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LAMENT FOR THE
TRAGEDY OF WAR

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LAMENT FOR THE TRAGEDY OF WAR
©Anne Baring

Although written in 1999, this poem is unfortunately relevant for our times (2017) and is dedicated to all those who are suffering in the ongoing conflicts that are disturbing the life of the planet: to the refugees fleeing their countries and their devastated homes and living in camps; to the desperate men and women risking their lives crossing the Mediterranean from Libya and Turkey into Europe; to the Yazidi women who are enduring the agony of rape and slavery; to the thousands of young men whose precious lives are so brutally cut short; to the children who are the traumatised witnesses of the atrocities of war.

 

EASTER 1999

 

Listen to the Good News, they said...

Then, over the mountain pass,
deep in snow, we watched
those who had lost all
except life stumble towards hope,
carrying infants, dragging children,
old people wrapped in plastic
like loaves of bread,
so they could be pulled more easily
over the icy surface.
A woman tall and cragged as an oak
leads a line of survivors.
Some can walk no further
in the heavy snow and die where they fall.
A young girl holds her mother in her arms
as life ebbs from her body.

This time we saw the face of barbarism.
This time we saw them: people like us,
in clothes like ours, arriving in shock,
avoiding the mined land, trudging the last miles
along the rail track to the frontier;
faces contorted with grief.
Women, men, children weeping uncontrollably,
having lost everything save each other.

Day after day we saw a human flood
pouring across frontiers:
lines of wagons, carts, tractors, trailers,
a horse, a donkey; the old in wheelbarrows,
and people walking, walking, soaked in icy rain
through days and nights of anguish,
carrying the old and young so dear to them.

We saw bewildered people forced onto trains
trying to hold families together;
women giving birth alone,
driven trembling with their new-born
into the maw of that suffocating mass.

Helplessly we wept with them,
seared by their suffering, longing to help,
to put our arms around them, comfort, warm them;
but we could only send money, food, love
and hope that they would reach shelter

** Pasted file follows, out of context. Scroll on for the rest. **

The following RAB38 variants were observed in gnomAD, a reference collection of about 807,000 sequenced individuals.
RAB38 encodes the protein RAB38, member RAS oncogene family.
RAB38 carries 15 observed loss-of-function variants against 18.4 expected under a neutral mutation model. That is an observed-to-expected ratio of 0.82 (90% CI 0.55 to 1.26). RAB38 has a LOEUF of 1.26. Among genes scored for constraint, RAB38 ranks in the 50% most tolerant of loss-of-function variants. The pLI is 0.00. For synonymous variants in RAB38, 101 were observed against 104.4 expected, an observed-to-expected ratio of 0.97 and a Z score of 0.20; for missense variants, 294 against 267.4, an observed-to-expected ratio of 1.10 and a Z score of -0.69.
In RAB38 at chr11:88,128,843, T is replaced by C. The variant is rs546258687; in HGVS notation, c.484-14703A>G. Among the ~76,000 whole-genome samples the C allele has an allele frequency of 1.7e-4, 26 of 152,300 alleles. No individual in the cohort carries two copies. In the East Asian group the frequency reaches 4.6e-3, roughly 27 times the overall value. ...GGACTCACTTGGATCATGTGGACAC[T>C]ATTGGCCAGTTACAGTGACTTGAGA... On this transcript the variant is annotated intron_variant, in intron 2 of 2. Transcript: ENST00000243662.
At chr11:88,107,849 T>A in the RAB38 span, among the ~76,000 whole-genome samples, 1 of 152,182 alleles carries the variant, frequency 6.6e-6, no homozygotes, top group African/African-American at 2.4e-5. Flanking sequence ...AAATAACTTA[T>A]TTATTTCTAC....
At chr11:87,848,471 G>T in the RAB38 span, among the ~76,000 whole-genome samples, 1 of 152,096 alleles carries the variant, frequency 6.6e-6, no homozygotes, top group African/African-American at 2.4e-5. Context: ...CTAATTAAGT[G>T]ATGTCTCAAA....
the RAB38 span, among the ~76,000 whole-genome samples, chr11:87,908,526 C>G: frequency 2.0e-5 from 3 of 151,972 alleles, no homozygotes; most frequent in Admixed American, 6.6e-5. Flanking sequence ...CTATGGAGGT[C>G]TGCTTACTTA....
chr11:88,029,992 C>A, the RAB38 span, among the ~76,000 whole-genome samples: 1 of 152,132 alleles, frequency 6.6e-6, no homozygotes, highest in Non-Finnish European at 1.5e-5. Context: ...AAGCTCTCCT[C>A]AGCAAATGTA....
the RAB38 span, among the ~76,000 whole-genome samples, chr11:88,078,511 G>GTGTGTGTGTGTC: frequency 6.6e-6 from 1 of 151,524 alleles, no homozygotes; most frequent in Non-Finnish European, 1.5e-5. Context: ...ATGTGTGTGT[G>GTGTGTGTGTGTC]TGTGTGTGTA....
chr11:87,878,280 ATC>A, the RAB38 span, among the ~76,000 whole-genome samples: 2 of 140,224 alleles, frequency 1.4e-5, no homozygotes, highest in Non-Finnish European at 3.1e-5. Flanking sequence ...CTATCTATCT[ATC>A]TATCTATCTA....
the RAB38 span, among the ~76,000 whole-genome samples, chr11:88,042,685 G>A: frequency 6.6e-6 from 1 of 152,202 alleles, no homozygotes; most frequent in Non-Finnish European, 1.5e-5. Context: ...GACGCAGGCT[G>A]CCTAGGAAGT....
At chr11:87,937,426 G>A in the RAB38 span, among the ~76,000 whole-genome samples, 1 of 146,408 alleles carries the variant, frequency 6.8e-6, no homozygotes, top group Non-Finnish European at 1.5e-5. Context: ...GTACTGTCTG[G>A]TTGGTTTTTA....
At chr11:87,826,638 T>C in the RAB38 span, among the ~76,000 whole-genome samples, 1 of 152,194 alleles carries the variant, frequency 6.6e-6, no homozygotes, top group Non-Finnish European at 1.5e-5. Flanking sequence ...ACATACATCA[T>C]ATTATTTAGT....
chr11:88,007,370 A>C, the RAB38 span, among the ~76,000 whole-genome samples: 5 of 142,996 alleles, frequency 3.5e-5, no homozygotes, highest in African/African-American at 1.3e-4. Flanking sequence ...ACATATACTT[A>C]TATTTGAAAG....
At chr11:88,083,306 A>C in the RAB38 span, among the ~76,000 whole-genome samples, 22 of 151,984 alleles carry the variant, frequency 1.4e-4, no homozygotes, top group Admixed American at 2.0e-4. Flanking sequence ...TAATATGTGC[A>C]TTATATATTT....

from that relentless rain.

There was no time to gather children
gone to play with friends, no time to warn others,
no time to feed the animals, milk the cows,
or say goodbye to the dear land,
home for centuries.
There was no time to gather provisions for the journey: milk for babies, food for toddlers,
shoes, nappies, warm clothing.
Women made knife-sharp choices
- what to carry, what to leave -
choices to make the difference between
life and death for those too young
to know what was happening.

Women who had seen husbands, sons, fathers
shot before their eyes,
kneeling, hands clasped behind heads,
knowing they had only seconds
to remember everything they loved,
to treasure the precious blood
that would soon, so soon seep into the ground.

Listen to the Good News, they said…
Can this be happening still?

This time we saw the face of barbarism.
Men obeying orders.
They took the young girls away
out of the cars, out of the trailers.
Everyone knew what would happen.
Girls too young to imagine
the coming thrusts tearing their soft skin,
the rank smell of masked men
crazed with blood lust,
and hatred for the innocent girl,
mother of tomorrow's enemy.
Some they shot, some returned to the convoy
hours or days after the rape.
How could they hope to find their families,
comfort for soul and body
in that mêlée of desperate humanity?
What solace could they find among people
for whom rape is defilement,
a shame to be hidden?
How could this further pain be endured
by those who had already known annihilation?

If I had seen my daughter taken,
her still fragile body shrinking with fear,
her eyes pleading for help I could not give,
my heart flayed by feeling,
my scream would sound through centuries.
Even now I hear it torn from my gut
for those young lives blighted
by the encounter with beasts.

Century by century men have tracked each other
through greening forests blessed with birdsong.
Intent on killing.
Could they see or hear the marvel?
Could they stop in wonder at the sound?

How does a man become a predator,
able to kill, rape, mutilate?
Surely it is time to ask.
Surely it is time to enquire.
Surely it is time to search for answers.
All this has happened so many times before,
and will happen again.
Is it the old herd instinct
that binds together the men of a tribe?
Is it the territorial instinct
that attacks the stranger?
Is it the memory of the primordial clan
bonded together in the hunt?

Is it the warrior ethos passed from father to son?
Or the secret vengeance of mothers
who have lost their sons?
Is it the brutality endured by children
who grow up to brutalise others,
avenging impotence with omnipotence?
Or is it the hatred nurtured by priests who,
century by century, have called in God's
name for the extermination
of those they demonized, anathematized,
banished from the circle of God's love?

'Malignant Aggression' Fromm called it.